The Parks Community Centre covers 4 suburbs. It’s a whole 70s conglomeration of Whitlam-Dunstan-inspired buildings and initiatives which includes a health service, youth service, arts and crafts complex. When we knew we were coming we set the agenda, and found out who the key people were, the managers of the different services we’d be working with and set up a number of meetings with them over 2 days, just to get a snapshot of the place. After those 2 days we realised there’s no way we could do this project on the time line set out for the Adelaide Festival. These services don’t necessarily collaborate on site. They have different operating philosophies and agendas. This is not to say that they haven’t worked together in many ways but we wanted to work with the community centre as a holistic entity.

What we try to do before bringing the [creative] team in, is to build a really strong foundation where people know who we are and what we’re doing and know we’re on this journey and that we’ve got this finite deadline. And not just the young people but also the staff, security, cafeteria, the cleaning and the grounds people, the site manager for council—the team has made connections with them all.

There’s a large African community at The Parks: Somalian, Ethiopian, Sudanese. The first time it was arranged for me to meet those young people in May, nobody came. The second time I went and we set up a meeting, 5 young men came. Then the third time I asked them, what would you like to do, how will we get together. And I said, what about a meal? The next time I came we advertised “Dinner with Alicia” and we cooked a big halal pot of beef and then had to order vegetarian pizza and I think 30 young people came and it turned into a bit of a dance, a blue light disco. So the next time, we set up a blue light disco. On one visit Shannon Williams, one of the performers from Sydney (an MC in the hip-hop band South West Syndicate) did some rapping and some workshops. And the next time the whole team came. We also ran a full day drama workshop because they’re so interested. In one corner there’s all these people breaking with Morgan (Lewis) and Shannon. In the middle of the room there are young African women doing acrobatics with Lucia (Mastrantone) and Bernie (Regan). Carlos Russell, Rose Ertler and Caitlin Newton-Broad are out on the dance floor. Celina McEwen, a researcher from the University of Technology Sydney, Centre for Popular Education, was leading capoeira in another corner.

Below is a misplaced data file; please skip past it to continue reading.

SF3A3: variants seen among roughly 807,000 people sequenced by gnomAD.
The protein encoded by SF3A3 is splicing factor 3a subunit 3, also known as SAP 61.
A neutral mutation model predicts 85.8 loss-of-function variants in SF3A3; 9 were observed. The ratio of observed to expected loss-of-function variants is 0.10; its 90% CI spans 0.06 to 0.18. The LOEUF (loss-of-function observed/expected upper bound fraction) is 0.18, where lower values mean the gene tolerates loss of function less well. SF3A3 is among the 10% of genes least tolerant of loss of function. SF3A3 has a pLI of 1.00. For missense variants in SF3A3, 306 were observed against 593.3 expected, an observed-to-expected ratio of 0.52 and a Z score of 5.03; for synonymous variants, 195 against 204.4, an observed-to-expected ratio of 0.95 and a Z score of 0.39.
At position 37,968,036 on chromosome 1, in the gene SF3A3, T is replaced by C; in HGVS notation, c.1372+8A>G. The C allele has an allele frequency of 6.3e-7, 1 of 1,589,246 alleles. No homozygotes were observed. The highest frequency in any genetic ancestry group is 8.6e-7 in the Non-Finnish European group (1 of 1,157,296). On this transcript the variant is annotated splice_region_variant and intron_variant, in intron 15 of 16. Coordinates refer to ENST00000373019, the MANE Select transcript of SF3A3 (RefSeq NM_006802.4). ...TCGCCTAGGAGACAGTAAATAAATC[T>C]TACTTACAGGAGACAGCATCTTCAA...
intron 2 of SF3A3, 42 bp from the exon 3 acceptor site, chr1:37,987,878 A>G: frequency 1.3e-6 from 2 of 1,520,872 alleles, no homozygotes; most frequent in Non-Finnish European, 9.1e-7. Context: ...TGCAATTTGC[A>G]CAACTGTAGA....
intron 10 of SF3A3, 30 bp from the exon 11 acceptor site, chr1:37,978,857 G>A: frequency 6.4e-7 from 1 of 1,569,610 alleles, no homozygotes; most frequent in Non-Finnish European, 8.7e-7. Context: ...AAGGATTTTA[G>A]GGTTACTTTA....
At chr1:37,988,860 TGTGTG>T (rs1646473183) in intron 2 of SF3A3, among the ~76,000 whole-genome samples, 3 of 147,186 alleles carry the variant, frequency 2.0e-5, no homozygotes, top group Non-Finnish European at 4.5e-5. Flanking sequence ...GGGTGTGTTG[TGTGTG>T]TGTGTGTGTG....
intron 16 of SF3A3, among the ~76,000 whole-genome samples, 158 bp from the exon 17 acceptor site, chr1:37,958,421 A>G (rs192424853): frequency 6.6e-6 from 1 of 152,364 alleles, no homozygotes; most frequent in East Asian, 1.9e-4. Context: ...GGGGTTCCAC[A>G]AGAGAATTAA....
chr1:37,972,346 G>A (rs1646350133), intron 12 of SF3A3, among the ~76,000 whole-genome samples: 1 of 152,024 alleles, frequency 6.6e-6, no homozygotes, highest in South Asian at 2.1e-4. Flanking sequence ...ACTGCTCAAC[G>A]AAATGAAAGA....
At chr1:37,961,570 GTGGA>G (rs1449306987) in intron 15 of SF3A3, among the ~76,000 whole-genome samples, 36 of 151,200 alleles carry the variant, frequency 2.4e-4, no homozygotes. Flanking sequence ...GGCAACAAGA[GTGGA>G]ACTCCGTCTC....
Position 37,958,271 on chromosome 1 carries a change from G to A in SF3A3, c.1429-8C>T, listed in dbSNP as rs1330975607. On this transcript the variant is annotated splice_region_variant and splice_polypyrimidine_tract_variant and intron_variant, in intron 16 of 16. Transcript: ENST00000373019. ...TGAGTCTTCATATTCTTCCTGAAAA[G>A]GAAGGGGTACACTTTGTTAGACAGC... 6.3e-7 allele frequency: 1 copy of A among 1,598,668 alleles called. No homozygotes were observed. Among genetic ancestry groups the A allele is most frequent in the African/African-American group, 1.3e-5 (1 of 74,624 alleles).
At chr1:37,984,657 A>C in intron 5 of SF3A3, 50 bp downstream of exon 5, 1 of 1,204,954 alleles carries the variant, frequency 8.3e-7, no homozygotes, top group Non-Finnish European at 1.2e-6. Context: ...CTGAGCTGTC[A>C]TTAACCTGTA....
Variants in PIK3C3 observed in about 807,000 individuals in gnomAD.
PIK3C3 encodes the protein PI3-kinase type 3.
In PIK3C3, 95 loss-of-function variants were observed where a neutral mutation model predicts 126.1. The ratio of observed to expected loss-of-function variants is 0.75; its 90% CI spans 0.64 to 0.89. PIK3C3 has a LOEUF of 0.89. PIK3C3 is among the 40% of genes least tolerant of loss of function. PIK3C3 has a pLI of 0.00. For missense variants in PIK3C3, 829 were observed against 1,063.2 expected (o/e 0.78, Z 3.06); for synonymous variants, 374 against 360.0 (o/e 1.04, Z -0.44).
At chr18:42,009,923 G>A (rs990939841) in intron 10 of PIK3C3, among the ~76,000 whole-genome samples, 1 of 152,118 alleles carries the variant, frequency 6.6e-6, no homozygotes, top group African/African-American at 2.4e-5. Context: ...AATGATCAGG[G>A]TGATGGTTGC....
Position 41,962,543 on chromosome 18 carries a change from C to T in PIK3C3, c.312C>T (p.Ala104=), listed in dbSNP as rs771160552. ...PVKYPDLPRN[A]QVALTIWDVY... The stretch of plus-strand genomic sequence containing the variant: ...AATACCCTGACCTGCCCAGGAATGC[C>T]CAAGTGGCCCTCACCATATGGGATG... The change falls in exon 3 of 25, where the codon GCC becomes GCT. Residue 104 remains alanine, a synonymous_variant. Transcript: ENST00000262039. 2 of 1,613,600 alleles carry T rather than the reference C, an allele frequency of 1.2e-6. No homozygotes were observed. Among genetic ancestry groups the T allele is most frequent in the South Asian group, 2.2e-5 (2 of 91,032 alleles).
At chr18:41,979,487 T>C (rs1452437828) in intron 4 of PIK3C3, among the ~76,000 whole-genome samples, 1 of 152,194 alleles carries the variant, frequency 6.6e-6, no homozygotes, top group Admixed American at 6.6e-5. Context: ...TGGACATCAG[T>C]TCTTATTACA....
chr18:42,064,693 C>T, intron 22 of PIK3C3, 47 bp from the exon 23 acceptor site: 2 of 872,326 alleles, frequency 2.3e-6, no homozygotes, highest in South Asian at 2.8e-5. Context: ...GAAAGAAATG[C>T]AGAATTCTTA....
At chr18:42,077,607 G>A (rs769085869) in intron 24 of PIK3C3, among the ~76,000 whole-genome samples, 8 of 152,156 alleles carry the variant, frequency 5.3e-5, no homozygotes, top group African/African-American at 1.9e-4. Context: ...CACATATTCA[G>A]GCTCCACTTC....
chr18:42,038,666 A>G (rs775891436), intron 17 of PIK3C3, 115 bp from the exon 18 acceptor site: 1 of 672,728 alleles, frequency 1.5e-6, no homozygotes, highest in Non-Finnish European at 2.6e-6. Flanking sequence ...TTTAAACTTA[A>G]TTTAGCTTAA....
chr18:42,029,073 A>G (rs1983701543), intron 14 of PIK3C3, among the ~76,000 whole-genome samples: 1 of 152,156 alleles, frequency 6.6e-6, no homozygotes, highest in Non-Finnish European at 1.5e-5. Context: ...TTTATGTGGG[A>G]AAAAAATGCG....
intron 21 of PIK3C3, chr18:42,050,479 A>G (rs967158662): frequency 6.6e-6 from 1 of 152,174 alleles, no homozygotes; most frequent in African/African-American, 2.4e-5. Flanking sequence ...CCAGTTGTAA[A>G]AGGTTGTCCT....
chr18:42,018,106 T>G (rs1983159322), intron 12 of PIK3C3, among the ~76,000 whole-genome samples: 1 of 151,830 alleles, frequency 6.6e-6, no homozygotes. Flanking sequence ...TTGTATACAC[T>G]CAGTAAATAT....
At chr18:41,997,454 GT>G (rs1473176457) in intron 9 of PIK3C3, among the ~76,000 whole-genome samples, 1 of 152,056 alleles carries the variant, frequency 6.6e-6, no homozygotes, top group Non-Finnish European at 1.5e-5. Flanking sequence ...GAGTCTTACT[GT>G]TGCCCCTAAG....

So what comes out of that process? Are you focussing on their lives, their needs, their problems? Or is it focussed very much on what you’re going to do.

I don’t think we can solve social problems. I’m not a welfare worker. I can support and listen to young people and encourage them to hook up with one of the youth or health workers who are also closely involved with the collaboration. The aim within those environments is to come in with this artistic process that goes, we’re here now, this is where we’re going and these are some of the steps we’re going to take. I think I’ve worked out the process takes about 9 months so it’s kind of like a baby, I reckon, the gestation period.